There are two monsters lurking in Cynthia Cruz’s studio, but she doesn’t seem fazed. With long, wiggly arms protruding from their lumpen torsos, it is fair to say that they look more friendly than fearsome. When we meet, Cruz is the latest artist in residence at Elephant Labs, where creative practitioners are given the opportunity to focus and try out new materials and techniques; situated next to the Winsor & Newton research and development laboratory, all the paints and any other tools an artist could want are also provided.
During her time at Elephant Lab, she has immersed herself in an ever-expanding imaginary landscape of sci-fi-inspired creatures and critters. This rainbow-hued menagerie appear in the paintings that line the studio walls, freewheeling through saturated spray paint gradients. The pair of monsters are built from cardboard and expanding foam. In her early work she made use of digital imagery and video, something which continues to infuse her painting and sculpture in subtle and surprising ways. The world that she creates is a multi-dimensional one, moving from the flat light of the computer screen to the evocative textures of layered paint. Cruz invites imagination, conjuring an alien planet that feels at once futuristic and strangely nostalgic.
Tell me about the projects you’ve been working on while you’ve been here.
I’ve been using my time at the residency to produce work for a two-person show that I have coming up in March at Thames-Side Studios. I’ve been creating paintings and sculptures, which all very much link together, as the sculptures are basically 3D versions of the paintings. Making the paintings is a very intuitive process; I keep adding layers of paint and washing them off, and start by building an environment that way. From there I can develop them by taking bits away, and adding other parts, after which I can add on textures and patterns. At the end I add the organic forms to basically fit into the world that I built for them.
What are the stories behind your compositions?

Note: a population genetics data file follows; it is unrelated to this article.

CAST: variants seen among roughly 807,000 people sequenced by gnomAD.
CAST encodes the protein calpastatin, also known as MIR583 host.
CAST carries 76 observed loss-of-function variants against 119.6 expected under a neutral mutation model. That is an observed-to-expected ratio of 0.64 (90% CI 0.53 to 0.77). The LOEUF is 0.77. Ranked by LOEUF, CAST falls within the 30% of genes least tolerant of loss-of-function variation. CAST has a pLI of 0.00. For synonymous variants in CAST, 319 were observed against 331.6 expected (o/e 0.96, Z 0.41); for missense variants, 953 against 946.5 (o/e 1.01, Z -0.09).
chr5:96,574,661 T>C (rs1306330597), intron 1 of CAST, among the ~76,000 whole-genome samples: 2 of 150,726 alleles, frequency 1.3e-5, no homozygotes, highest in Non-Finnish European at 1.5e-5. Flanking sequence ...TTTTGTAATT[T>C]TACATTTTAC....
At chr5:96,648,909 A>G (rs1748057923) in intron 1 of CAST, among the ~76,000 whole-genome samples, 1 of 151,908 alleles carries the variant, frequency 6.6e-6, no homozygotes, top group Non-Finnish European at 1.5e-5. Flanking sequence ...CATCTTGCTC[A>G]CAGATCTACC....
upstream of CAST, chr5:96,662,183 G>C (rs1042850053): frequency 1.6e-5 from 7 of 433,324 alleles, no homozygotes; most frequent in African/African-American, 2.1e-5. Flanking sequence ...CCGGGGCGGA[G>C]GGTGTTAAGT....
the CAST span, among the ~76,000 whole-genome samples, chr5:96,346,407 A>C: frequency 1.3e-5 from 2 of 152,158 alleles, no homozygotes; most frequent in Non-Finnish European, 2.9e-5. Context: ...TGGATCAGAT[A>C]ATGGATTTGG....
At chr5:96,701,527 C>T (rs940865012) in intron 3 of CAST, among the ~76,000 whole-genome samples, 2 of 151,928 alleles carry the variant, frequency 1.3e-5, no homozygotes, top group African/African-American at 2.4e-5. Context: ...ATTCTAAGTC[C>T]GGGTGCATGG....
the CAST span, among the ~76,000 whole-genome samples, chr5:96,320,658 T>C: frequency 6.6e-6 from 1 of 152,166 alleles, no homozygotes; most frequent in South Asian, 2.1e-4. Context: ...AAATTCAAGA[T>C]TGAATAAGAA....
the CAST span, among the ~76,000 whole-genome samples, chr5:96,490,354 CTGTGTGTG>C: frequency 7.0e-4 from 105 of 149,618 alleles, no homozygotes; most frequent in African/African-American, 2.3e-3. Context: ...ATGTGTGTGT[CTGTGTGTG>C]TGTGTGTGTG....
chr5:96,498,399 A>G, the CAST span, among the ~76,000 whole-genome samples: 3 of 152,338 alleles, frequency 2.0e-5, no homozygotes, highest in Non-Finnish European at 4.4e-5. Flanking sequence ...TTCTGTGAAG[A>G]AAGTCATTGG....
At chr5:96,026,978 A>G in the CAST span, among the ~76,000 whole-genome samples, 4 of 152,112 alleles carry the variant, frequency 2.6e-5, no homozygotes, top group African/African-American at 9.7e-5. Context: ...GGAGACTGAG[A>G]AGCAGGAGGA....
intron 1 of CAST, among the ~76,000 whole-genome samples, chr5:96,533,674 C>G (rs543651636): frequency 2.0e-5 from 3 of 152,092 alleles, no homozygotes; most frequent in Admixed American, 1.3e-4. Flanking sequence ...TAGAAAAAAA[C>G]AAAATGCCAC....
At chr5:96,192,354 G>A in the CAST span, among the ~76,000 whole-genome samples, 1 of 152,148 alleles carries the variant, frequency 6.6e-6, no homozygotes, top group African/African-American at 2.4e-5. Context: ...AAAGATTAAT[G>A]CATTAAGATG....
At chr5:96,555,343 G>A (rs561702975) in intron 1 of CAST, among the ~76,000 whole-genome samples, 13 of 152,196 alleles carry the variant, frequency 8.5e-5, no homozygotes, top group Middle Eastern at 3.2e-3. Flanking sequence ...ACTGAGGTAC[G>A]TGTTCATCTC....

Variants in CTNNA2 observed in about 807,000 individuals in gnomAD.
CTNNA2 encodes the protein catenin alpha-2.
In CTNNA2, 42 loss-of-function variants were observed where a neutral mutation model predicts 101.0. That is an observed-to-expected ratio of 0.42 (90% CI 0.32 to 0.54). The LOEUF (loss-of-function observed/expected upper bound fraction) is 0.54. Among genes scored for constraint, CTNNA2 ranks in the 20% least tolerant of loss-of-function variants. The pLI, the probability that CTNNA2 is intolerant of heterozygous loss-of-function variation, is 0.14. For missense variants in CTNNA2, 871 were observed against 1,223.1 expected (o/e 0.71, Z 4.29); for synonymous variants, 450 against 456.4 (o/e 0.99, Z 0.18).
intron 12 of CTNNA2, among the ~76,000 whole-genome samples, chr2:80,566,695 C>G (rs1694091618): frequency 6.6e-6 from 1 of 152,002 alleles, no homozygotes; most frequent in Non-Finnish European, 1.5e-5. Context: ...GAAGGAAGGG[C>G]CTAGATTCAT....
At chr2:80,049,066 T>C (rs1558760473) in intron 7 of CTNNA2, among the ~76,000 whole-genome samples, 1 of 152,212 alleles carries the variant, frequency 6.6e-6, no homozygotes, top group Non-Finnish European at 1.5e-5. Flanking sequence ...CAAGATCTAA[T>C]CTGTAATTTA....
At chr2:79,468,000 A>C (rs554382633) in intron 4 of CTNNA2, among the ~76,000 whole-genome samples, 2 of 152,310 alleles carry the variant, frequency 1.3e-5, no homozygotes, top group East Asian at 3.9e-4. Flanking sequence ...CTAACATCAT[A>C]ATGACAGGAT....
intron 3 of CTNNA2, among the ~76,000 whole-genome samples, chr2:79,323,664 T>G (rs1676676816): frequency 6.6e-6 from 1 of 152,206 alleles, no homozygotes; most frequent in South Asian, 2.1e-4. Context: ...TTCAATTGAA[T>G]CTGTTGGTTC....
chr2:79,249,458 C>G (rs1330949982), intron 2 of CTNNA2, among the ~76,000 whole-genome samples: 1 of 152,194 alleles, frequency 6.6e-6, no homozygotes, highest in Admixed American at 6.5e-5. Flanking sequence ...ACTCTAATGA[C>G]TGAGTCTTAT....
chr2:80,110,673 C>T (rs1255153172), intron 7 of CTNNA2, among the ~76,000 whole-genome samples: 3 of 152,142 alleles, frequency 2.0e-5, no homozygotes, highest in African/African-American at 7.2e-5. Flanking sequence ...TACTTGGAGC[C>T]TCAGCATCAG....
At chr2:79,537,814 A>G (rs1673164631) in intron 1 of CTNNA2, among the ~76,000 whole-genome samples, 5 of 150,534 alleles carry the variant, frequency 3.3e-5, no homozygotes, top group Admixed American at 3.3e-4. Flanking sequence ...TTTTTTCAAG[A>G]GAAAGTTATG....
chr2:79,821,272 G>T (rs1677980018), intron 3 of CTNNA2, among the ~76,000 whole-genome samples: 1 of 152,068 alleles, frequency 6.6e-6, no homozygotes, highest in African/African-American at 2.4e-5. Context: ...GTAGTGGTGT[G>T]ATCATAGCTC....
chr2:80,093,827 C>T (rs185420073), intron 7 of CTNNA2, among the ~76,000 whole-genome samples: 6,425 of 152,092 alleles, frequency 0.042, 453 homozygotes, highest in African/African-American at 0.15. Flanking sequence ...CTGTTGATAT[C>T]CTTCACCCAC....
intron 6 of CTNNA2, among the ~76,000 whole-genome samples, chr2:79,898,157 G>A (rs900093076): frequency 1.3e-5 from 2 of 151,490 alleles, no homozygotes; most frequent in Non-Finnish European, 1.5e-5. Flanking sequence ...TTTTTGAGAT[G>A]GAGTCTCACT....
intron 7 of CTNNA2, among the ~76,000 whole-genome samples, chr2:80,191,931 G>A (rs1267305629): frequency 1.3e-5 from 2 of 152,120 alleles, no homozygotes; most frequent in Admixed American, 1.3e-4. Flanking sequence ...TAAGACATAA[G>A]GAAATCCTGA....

My compositions are very sci-fi inspired. These ones are particularly inspired by Star Trek. I’m not sure if you’d be able to recognize any figures because they’re pretty abstract; I don’t make it too obvious. However, I enjoy taking different elements from these films, for example, in one of my paintings, I create these textured scales, which are a lot like the textures that you can see on some of the alien figures in sci-fi. However, it stays pretty abstract, I don’t want you to be able to look at these figures and immediately be able to tell where they’re from.
What are your favourite sci-fi films?
I watch a lot of sci-fi movies. I love 2001: A Space Odyssey, and Solaris is another favourite. In terms of Star Trek, my favourites are probably Next Generation or Deep Space Nine. Sci-fi from the seventies seems to be my biggest inspiration.
Are you influenced by that decade more widely?
I think it has definitely snuck into my work. I was born in 1976 and I did use a lot of psychedelics in my youth, so I think there is that unconscious element in there. Another influence is my culture. My parents are Dominican, and I was always raised with bright colours and patterns around the house, and I think that influence can also be found in my work. I think all these different elements of my past pretty much explode across the canvas.
Your 2D and 3D elements greatly complement each other. How do you work with the two in tandem?
I started painting first, and when I did my BA in painting in New World School of the Arts in Miami, I also took sculpture classes. I never really considered sculpture, because painting is my first love. Then once I started playing around with sculpture, I realized that it’s necessary for me to have them both. I get frustrated with paint, and then I turn to sculpture and that clears my head so that I’m able to go back to painting. They bounce off each other in a way.